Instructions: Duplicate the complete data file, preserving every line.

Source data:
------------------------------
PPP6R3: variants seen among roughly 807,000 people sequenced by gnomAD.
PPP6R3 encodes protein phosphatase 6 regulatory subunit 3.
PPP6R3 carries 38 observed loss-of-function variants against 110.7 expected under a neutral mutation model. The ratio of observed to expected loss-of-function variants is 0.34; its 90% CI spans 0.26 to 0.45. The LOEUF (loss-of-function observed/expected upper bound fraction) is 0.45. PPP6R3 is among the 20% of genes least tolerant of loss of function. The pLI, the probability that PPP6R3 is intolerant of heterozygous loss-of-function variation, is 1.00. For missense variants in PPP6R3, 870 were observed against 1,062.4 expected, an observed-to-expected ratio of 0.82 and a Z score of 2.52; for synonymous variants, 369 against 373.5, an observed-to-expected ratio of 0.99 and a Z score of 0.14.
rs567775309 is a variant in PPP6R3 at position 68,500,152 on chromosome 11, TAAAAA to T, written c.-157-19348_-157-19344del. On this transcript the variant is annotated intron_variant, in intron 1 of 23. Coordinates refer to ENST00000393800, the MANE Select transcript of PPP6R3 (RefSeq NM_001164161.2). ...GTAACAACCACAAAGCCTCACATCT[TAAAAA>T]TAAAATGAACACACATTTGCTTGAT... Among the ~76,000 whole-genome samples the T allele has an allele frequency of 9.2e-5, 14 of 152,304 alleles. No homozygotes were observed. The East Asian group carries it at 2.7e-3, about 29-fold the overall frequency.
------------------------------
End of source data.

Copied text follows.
PPP6R3: variants seen among roughly 807,000 people sequenced by gnomAD.
PPP6R3 encodes protein phosphatase 6 regulatory subunit 3.
PPP6R3 carries 38 observed loss-of-function variants against 110.7 expected under a neutral mutation model. The ratio of observed to expected loss-of-function variants is 0.34; its 90% CI spans 0.26 to 0.45. The LOEUF (loss-of-function observed/expected upper bound fraction) is 0.45. PPP6R3 is among the 20% of genes least tolerant of loss of function. The pLI, the probability that PPP6R3 is intolerant of heterozygous loss-of-function variation, is 1.00. For missense variants in PPP6R3, 870 were observed against 1,062.4 expected, an observed-to-expected ratio of 0.82 and a Z score of 2.52; for synonymous variants, 369 against 373.5, an observed-to-expected ratio of 0.99 and a Z score of 0.14.
rs567775309 is a variant in PPP6R3 at position 68,500,152 on chromosome 11, TAAAAA to T, written c.-157-19348_-157-19344del. On this transcript the variant is annotated intron_variant, in intron 1 of 23. Coordinates refer to ENST00000393800, the MANE Select transcript of PPP6R3 (RefSeq NM_001164161.2). ...GTAACAACCACAAAGCCTCACATCT[TAAAAA>T]TAAAATGAACACACATTTGCTTGAT... Among the ~76,000 whole-genome samples the T allele has an allele frequency of 9.2e-5, 14 of 152,304 alleles. No homozygotes were observed. The East Asian group carries it at 2.7e-3, about 29-fold the overall frequency.